* Friends, I’m in Book Launch Land. I’m feverishly working to prepare for the release of Heart Sisters: Be the Friend You Want to Have. I’ll be re-posting some oldies (but hopefully you’ll think they’re goodies!) now and then so I can focus more on the upcoming release. Thanks for understanding . . . Oh – and I so appreciate you taking the time share on social media. This is the way of the writer these days and will help get the word out about Heart Sisters!

A few years ago, I was talking to a woman who was in a panic because she didn’t think her kids were signed-up for enough extra-curricular activities.

They were four and six years old.

She proceeded to proudly tell me of the various sports and lessons they were doing and still . . . She felt it wasn’t enough.

I was tired just listening to it all and when our conversation was over, I was overcome with one thought as I was walking to my mom van:

When did we as a culture start to believe the lie that it’s impressive to be busy?

Probably right about the time when we started to view the normal, bodily need for rest as a sign of weakness.

Anxiety and depression rates have increased significantly over the past five years. The most common reason for this anxiety? Trying to keep up with a frantic schedule set at a frenetic pace.

Lysa TerKeurst talks about the concept of “white space” in her book, Unglued. In a nutshell, graphic and web designers know that a more appealing website is one that includes a tasteful amount of white space – just plain space that serves no purpose other than to point the visitor to the focal point of the site. On the flip side, sites trying to sell products are wrought with advertisements and can leave the visitor feeling like they just underwent shock therapy.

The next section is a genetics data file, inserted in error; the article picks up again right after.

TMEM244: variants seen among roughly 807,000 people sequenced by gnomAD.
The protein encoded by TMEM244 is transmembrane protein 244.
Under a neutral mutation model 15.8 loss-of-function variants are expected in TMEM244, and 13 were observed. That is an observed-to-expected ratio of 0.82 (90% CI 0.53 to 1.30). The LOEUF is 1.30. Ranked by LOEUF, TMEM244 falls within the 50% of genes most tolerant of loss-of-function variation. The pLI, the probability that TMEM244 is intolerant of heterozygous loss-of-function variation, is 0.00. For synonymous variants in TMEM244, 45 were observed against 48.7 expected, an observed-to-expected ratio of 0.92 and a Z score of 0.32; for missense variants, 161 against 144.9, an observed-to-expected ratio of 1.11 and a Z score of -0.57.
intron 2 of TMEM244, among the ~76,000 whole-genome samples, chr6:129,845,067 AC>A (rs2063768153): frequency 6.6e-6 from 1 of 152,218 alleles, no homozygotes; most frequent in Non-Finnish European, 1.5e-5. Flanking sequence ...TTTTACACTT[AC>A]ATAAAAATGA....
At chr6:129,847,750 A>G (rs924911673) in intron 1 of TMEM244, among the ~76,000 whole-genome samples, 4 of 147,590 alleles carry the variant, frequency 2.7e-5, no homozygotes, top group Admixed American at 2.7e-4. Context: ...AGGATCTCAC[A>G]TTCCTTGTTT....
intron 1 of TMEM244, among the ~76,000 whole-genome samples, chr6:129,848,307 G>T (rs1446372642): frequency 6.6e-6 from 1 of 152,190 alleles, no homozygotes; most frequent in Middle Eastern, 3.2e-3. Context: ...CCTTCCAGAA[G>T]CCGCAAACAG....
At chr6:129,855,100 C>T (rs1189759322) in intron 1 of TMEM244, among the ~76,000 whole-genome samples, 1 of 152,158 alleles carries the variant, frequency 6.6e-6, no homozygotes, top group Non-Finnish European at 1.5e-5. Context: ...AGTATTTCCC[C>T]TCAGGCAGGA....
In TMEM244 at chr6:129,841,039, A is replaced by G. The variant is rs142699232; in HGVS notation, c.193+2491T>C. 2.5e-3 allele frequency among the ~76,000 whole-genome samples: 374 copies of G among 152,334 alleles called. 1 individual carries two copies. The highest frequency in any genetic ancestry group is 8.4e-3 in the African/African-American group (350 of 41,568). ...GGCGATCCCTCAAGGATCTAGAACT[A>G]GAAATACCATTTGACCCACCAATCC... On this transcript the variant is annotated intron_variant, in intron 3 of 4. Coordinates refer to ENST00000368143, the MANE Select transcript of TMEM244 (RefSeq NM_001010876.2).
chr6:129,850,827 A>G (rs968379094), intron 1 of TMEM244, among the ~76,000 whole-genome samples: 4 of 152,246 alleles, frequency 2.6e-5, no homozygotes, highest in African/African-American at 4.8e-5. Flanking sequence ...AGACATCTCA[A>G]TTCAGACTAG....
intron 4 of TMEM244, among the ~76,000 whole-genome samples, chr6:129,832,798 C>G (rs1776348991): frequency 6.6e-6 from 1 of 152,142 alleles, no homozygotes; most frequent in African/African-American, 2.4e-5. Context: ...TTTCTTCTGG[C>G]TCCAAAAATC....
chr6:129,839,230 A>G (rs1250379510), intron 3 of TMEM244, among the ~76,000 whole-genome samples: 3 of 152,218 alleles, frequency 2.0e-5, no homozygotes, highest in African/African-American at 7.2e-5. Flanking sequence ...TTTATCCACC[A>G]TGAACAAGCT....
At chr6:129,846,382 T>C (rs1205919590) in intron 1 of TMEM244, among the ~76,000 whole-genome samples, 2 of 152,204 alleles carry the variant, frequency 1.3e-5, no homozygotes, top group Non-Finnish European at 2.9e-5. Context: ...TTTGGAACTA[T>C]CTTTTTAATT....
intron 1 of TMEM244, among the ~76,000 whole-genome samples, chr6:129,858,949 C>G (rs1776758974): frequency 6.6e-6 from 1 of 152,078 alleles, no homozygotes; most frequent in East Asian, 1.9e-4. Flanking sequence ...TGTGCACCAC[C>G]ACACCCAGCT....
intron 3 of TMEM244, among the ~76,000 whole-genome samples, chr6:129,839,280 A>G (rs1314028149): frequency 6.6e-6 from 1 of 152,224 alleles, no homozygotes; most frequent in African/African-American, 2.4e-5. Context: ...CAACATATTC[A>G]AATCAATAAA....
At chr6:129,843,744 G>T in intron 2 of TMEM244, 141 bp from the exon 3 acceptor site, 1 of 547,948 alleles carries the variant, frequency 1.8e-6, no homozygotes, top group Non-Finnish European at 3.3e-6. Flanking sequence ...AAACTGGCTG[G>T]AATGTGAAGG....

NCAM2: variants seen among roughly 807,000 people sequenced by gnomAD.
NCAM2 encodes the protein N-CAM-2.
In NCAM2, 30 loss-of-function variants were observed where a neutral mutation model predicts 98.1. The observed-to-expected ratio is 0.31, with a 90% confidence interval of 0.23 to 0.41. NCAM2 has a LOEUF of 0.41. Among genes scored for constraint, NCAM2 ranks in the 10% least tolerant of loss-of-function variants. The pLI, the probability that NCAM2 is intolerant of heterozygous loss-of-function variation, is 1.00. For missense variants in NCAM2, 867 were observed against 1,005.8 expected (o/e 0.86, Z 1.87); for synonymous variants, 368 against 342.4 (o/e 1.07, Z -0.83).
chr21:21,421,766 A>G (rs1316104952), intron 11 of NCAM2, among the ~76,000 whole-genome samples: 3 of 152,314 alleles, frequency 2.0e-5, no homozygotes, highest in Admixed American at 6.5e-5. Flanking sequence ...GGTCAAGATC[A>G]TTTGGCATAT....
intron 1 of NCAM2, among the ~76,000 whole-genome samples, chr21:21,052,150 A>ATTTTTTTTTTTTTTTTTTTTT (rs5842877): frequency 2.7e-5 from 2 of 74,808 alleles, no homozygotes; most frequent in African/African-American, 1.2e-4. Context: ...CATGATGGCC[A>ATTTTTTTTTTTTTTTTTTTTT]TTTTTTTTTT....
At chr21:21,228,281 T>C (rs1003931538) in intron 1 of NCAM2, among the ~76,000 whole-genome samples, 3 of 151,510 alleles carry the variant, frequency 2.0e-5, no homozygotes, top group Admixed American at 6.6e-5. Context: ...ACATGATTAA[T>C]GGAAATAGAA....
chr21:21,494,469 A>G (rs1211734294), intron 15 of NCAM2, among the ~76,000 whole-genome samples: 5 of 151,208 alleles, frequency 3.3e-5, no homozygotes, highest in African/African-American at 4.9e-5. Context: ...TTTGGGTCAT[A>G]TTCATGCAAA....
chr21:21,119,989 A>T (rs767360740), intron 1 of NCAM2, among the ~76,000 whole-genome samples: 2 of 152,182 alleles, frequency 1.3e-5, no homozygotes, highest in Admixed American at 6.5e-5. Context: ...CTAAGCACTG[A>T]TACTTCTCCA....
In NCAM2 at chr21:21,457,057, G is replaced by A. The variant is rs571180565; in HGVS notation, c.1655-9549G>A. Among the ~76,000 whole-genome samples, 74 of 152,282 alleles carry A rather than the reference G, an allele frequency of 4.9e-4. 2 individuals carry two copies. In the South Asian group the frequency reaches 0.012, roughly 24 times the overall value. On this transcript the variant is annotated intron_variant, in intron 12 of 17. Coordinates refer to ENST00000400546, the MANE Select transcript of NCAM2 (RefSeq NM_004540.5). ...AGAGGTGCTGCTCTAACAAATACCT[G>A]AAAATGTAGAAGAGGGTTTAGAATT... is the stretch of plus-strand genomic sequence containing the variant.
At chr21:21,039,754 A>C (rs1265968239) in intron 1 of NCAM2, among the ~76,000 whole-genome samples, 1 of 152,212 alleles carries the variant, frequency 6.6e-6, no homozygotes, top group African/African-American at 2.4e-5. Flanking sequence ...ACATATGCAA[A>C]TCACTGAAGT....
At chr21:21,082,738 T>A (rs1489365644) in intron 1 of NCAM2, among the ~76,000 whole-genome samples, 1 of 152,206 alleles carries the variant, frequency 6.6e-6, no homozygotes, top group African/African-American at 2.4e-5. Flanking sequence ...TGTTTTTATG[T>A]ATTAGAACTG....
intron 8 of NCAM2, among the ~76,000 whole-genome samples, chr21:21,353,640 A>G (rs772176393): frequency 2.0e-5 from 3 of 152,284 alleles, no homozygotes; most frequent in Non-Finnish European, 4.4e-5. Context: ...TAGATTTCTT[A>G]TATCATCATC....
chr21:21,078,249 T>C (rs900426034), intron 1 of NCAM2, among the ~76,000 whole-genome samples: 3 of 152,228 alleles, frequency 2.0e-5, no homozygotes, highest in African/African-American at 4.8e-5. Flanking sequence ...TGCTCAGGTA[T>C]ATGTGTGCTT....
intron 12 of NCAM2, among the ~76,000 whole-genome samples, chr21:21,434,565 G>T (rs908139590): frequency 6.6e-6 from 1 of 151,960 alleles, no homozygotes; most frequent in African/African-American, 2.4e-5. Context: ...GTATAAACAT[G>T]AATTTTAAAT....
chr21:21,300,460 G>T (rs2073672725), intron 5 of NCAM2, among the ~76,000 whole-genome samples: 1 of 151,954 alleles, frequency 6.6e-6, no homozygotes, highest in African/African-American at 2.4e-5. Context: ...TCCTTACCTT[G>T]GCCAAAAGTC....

We need white spaces in our lives, friends.

A few years ago when I visited Ghana, West Africa, I noticed the slower pace of life almost as soon as I got off the plane. Being in a hurry didn’t really exist in Ghana and when you paid a visit to someone, you might stay for a few hours just talking and really listening.

I know this isn’t necessarily a reality for many of us because well . . . we have stuff to do. But when does that stuff become too much stuff?

While it’s true those in Ghana may not have all of the opportunities we do, they have one thing we don’t: unfiltered joy in all things.

Ghanaians have white space. They completely rely on God and they’ve seen He’ll take care of them – time and time again.

Not to mention Jesus encouraged his disciples to rest after ministering to the crowds – and He, too, knew when it was time to step-away and replenish His soul. If Jesus needed to rest, why do we think we don’t?

We live in a culture where being busy has somehow become synonymous with glamour. With superiority. With value. The over-busy websites of our lives advertise who we are, how successful we are, and how talented we are.

But I have to say . . .  It’s all a lie. It’s a whole lot of pretty front porch and not enough messy living room.

Maybe it’s just me but when I’m running around like a headless chicken because I’m  over-scheduled and too busy you know who suffers most? Those I love the most.

The ones I’m trying to enrich by enrolling them in extra activities.

And what’s better? Having a practice or a lesson every night with a stressed out, cranky mom or having a lesson or practice one or two nights a week with time to exhale and eat dinner at the table as a family?

busy quote

Because every time we say yes to something, we say no to something else. And in the case of being busy, we are usually saying no to what we really should be saying yes.

White space lends margin; margin lends peace; peace lends joy.

So no, I’m not impressed with busy schedules – yours or mine. I’m certainly not immune and in no way am I preaching because I’m rowing the same boat, friends.

It’s time to stop being that tacky, flashy, too-much-going-on advertising website and embrace the serenity of white space. And it’s time to stop trying to impress each other with how busy we are and start impressing each other with the light of Jesus that lives in us. A light that can only come when we slow down and listen to what He’s trying to tell us.

Because so often I hear, “I don’t hear God speaking to me.”

But we don’t hear God speaking to us because we’re never still enough to listen.

Be still. Embrace the white spaces. And listen.

You’ll hear.

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